With Cannes Lions a week away, the usual debate surrounding the merits of the festival are making their annual appearances. The latest in the annual salvo of discontent comes from Avi Dan
who, writing for Forbes, asks: "Should Cannes Be Canned?" Cute, Avi. Cute. It's the usual tripe about how
the awards focus too much on creativity and not enough on results and how Cannes "diverts attention from servicing the clients and building strong brands and, instead, much too often it’s about
self-importance." Well, of course it's about self-importance, Avi. Where else do you think the industry's creative babies are going to to get a pat on the back and a new binky to place in their crib?
Certainly not from their clients who make it their business to dumb down and kill every great idea with CYA committee-led approval processes. As long as awards are offered and as long as agencies can
afford the entry fees and as long as creative egos need to be stroked, Cannes ain't getting canned.
This past weekend, Arnold Worldwide won an Emmy for its work on the introduction to the Boston Bruins' "Behind the B" show at the Boston/New England chapter of the National Academy of Television Arts & Sciences on Saturday, June 7. Produced by Travis Robertson and Greg Almeida of Arnold Worldwide and the Bruins Digital Entertainment Network, the “Behind the B” show intro was nominated in the Musical Composition and Arrangement category. The intro was created using still photography and then converted to a grainy/gray scale in order to create a raw look. Each photograph was treated with a combination of 2D, 3D, and After Effects Parallax to create moments that appeared to be frozen in time.
Agencies go to Cannes all the time. It's not news. But one agency, 123w.ca, is really, really excited to be going. And well they should be. The agency was founded and launched just one year ago in a suburban Vancouver garage. They then moved to office space in an industrial laundry facility, seemingly for the low rent. They've done work for 7-Eleven and Mercedes and have no problem tapping talent to help create the agency's gloriously kooky Web site. The agency is out with a video it will use to introduce itself during an appearance it will make in Cannes next week.
In an interview with The Guardian, Crispin Porter + Bogusky CEO Andrew Keller
shared his thoughts on failure and how failure can fuel future success.
When Keller was in college, he intended to become a doctor. That didn't go so well. Of that time in his life. Keller said, “I was at a very small college in a very small town. And having failed, I decided I’d stay in that town for the summer and work as a cook in this restaurant. I wanted to know: how bad was failure? I’d seen my dominant dream, to be a doctor, come crashing down. And it was like, okay -- let’s explore this a little bit.”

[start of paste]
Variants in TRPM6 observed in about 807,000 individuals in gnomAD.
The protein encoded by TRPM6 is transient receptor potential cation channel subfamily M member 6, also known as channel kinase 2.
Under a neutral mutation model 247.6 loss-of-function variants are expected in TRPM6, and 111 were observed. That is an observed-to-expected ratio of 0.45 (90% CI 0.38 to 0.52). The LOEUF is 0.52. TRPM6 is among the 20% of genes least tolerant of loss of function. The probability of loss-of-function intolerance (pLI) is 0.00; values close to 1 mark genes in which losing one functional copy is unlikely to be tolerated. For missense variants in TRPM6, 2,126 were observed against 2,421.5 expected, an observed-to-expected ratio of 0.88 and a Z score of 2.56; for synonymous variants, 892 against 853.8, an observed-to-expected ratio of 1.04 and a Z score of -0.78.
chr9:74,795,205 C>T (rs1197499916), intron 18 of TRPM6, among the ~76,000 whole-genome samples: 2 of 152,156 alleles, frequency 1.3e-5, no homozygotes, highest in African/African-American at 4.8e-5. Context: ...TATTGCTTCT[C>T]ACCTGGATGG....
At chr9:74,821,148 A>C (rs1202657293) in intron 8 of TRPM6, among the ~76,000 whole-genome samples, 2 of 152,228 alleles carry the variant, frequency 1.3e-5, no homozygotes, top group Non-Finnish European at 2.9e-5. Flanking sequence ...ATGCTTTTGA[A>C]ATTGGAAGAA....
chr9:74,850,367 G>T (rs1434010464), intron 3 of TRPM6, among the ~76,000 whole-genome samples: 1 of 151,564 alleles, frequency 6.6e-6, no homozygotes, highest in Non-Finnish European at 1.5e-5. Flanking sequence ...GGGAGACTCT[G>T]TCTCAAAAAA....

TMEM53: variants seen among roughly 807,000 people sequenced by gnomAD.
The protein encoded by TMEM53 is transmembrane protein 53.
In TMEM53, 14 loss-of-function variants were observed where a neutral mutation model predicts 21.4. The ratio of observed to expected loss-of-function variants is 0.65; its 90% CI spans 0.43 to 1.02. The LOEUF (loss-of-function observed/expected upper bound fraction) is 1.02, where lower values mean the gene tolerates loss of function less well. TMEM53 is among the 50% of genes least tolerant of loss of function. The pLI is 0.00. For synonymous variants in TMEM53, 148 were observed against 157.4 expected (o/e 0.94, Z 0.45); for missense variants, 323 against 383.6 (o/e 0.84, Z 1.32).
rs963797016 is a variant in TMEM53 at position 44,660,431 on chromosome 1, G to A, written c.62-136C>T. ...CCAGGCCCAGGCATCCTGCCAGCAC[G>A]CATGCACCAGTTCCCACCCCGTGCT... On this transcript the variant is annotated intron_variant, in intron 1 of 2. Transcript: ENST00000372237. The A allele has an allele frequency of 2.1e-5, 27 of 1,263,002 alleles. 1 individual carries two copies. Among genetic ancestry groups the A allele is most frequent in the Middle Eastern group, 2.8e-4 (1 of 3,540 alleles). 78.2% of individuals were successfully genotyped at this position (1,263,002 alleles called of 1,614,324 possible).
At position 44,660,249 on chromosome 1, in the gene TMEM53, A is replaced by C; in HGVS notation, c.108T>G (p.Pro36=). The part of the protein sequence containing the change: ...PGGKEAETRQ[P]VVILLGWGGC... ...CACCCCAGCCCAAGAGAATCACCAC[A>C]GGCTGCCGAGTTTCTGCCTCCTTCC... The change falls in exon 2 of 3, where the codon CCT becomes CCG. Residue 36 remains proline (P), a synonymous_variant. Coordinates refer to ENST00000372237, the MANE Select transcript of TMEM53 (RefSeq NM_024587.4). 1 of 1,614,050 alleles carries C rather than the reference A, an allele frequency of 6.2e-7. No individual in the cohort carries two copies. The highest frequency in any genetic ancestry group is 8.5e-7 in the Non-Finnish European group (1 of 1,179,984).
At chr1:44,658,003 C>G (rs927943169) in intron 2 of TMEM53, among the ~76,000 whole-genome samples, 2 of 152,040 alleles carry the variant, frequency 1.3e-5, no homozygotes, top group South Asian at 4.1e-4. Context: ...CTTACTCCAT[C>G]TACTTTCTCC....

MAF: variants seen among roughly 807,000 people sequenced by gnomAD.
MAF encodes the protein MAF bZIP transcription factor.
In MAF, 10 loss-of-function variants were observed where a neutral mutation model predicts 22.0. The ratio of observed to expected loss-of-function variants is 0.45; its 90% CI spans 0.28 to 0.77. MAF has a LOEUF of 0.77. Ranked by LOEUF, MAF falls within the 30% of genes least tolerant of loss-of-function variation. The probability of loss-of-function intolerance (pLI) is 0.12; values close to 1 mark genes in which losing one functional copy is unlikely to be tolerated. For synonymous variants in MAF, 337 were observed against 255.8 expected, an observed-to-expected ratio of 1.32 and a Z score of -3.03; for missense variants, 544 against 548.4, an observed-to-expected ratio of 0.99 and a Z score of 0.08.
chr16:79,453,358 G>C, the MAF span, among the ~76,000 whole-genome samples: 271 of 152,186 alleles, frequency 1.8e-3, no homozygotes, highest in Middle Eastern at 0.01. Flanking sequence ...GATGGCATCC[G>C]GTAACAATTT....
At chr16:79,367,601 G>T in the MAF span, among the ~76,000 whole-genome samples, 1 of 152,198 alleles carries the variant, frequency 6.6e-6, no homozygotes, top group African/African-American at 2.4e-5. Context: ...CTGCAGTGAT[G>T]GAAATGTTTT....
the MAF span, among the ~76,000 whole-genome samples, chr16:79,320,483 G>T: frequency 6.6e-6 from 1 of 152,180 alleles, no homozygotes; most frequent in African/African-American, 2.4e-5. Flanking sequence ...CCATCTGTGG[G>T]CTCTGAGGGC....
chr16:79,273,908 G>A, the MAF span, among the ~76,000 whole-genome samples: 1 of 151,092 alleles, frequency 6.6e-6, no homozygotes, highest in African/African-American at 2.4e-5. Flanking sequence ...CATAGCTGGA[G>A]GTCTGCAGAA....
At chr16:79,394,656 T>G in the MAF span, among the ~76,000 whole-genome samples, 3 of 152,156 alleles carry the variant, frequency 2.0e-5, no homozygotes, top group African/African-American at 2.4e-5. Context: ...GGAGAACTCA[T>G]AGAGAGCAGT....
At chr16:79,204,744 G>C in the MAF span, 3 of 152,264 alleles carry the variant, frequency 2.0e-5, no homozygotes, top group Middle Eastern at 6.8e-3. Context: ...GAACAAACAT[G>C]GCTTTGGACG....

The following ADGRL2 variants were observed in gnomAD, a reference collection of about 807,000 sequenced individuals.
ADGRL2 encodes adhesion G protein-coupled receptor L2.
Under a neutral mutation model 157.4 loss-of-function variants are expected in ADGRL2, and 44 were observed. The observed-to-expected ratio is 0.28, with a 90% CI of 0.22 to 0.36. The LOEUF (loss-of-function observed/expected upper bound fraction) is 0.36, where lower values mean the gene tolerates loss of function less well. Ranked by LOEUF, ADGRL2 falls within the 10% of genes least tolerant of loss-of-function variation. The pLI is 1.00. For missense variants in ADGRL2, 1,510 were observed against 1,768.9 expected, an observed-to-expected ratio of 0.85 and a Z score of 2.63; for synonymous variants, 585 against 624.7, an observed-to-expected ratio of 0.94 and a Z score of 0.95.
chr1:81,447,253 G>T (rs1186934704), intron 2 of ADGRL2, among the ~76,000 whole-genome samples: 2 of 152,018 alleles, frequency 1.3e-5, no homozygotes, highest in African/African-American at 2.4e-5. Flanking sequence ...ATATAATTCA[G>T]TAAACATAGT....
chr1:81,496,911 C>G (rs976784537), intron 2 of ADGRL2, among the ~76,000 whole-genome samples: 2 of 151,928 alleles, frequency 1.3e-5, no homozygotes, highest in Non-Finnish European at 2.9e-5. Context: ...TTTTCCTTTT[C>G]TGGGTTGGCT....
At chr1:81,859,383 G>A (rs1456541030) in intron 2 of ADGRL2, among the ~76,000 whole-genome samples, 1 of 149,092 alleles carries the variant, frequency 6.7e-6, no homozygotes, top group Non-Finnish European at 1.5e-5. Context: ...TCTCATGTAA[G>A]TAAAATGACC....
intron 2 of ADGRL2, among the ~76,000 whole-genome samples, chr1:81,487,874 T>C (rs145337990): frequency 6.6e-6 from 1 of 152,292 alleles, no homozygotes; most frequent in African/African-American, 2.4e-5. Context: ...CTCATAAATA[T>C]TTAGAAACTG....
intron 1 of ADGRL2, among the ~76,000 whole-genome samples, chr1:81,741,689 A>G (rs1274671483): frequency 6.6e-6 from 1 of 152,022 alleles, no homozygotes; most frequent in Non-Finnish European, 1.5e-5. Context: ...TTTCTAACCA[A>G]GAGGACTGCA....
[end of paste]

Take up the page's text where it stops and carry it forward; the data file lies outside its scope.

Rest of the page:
Of the lessons he learned during this supposed failure, Keller added, “I was supposed to be a doctor, so staying in a little town and working in a restaurant -- that was not something that figured in my hopes and dreams. But I did that, and it gave me confidence. Because it wasn’t so bad. Failure isn’t so bad.”
And even though society and culture view failure as taboo and something to certainly avoid, Keller says we all should resist this line of thinking. Because failure is most certainly going to happen. That's what he tells his kids. He says, "failure is going to happen to all of us. It is going to happen to you.” So embrace it and learn from it.
From now until the end of summer, those passing by the Time-Life building, home to the "Mad Men" fictional SC&P agency, will have the chance to sit on a bench crafted to look just
like the bench in the opening credits of "Mad Men."
The 12-foot bench was designed by Pentagram and consists of just two pieces -- a half-inch thick rolled steel plate seat and a 10-foot cast-concrete base.
So if you've got a hankering to sidle up to Don Draper (or whomever that silhouette turns out to be) then now's your chance.
In an LA Times Entertainment piece, you can find 11 pieces
of career advice for women that are based on the Peggy Olson character from Mad Men. And we all know Peggy, who rose from obscurity to full on executive fame over the course of the series,
has learned a lot and has much to share.
Advice ranges from not relying on your femininity to get ahead to demanding appropriate work space to taking power when it comes your way to maintaining a professional relationship even when there is a lot of personal baggage to never fall in love with your married boss.
Peggy's been through a lot. She's grown professionally and personally. And she's become wise with advice to share. We'll see her a few more times as Mad Men makes its final run this Spring.